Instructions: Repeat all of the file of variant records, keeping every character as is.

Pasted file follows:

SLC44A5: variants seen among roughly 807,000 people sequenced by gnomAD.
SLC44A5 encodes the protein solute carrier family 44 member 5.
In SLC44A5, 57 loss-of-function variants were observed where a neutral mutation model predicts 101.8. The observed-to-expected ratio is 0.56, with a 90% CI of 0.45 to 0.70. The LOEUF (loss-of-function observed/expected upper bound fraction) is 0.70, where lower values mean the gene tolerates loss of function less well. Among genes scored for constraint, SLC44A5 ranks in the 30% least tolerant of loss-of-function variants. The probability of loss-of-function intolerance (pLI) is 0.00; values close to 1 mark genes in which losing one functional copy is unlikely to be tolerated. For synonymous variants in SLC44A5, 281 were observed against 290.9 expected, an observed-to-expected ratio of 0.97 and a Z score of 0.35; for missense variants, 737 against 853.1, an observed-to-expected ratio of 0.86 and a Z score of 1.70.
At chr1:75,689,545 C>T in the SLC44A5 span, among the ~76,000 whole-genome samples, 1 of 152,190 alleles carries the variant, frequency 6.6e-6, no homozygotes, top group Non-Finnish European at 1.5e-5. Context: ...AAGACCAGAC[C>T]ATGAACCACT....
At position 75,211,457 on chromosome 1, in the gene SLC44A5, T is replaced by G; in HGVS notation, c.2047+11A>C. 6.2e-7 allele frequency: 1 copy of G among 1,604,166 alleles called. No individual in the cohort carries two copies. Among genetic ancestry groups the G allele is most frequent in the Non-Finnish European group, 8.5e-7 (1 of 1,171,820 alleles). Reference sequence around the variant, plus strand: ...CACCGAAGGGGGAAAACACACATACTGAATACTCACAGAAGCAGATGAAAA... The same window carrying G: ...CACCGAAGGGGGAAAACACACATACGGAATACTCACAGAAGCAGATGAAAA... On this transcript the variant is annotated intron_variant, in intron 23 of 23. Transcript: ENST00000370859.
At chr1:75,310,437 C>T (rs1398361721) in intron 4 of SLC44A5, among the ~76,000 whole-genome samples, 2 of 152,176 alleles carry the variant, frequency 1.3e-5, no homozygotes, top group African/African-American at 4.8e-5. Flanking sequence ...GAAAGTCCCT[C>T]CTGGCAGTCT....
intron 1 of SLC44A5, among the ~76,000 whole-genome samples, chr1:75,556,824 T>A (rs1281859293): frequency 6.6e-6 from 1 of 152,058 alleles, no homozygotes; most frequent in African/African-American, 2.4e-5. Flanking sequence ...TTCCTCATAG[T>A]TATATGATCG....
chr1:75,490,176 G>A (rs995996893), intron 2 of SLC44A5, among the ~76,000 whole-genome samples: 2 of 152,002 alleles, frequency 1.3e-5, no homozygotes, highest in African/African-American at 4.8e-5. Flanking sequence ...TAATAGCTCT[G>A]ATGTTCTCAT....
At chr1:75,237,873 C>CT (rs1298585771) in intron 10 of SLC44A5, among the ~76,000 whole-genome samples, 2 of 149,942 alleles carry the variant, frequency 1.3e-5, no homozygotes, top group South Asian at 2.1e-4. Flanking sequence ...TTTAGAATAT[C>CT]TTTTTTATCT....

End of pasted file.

SLC44A5: variants seen among roughly 807,000 people sequenced by gnomAD.
SLC44A5 encodes the protein solute carrier family 44 member 5.
In SLC44A5, 57 loss-of-function variants were observed where a neutral mutation model predicts 101.8. The observed-to-expected ratio is 0.56, with a 90% CI of 0.45 to 0.70. The LOEUF (loss-of-function observed/expected upper bound fraction) is 0.70, where lower values mean the gene tolerates loss of function less well. Among genes scored for constraint, SLC44A5 ranks in the 30% least tolerant of loss-of-function variants. The probability of loss-of-function intolerance (pLI) is 0.00; values close to 1 mark genes in which losing one functional copy is unlikely to be tolerated. For synonymous variants in SLC44A5, 281 were observed against 290.9 expected, an observed-to-expected ratio of 0.97 and a Z score of 0.35; for missense variants, 737 against 853.1, an observed-to-expected ratio of 0.86 and a Z score of 1.70.
At chr1:75,689,545 C>T in the SLC44A5 span, among the ~76,000 whole-genome samples, 1 of 152,190 alleles carries the variant, frequency 6.6e-6, no homozygotes, top group Non-Finnish European at 1.5e-5. Context: ...AAGACCAGAC[C>T]ATGAACCACT....
At position 75,211,457 on chromosome 1, in the gene SLC44A5, T is replaced by G; in HGVS notation, c.2047+11A>C. 6.2e-7 allele frequency: 1 copy of G among 1,604,166 alleles called. No individual in the cohort carries two copies. Among genetic ancestry groups the G allele is most frequent in the Non-Finnish European group, 8.5e-7 (1 of 1,171,820 alleles). Reference sequence around the variant, plus strand: ...CACCGAAGGGGGAAAACACACATACTGAATACTCACAGAAGCAGATGAAAA... The same window carrying G: ...CACCGAAGGGGGAAAACACACATACGGAATACTCACAGAAGCAGATGAAAA... On this transcript the variant is annotated intron_variant, in intron 23 of 23. Transcript: ENST00000370859.
At chr1:75,310,437 C>T (rs1398361721) in intron 4 of SLC44A5, among the ~76,000 whole-genome samples, 2 of 152,176 alleles carry the variant, frequency 1.3e-5, no homozygotes, top group African/African-American at 4.8e-5. Flanking sequence ...GAAAGTCCCT[C>T]CTGGCAGTCT....
intron 1 of SLC44A5, among the ~76,000 whole-genome samples, chr1:75,556,824 T>A (rs1281859293): frequency 6.6e-6 from 1 of 152,058 alleles, no homozygotes; most frequent in African/African-American, 2.4e-5. Flanking sequence ...TTCCTCATAG[T>A]TATATGATCG....
chr1:75,490,176 G>A (rs995996893), intron 2 of SLC44A5, among the ~76,000 whole-genome samples: 2 of 152,002 alleles, frequency 1.3e-5, no homozygotes, highest in African/African-American at 4.8e-5. Flanking sequence ...TAATAGCTCT[G>A]ATGTTCTCAT....
At chr1:75,237,873 C>CT (rs1298585771) in intron 10 of SLC44A5, among the ~76,000 whole-genome samples, 2 of 149,942 alleles carry the variant, frequency 1.3e-5, no homozygotes, top group South Asian at 2.1e-4. Flanking sequence ...TTTAGAATAT[C>CT]TTTTTTATCT....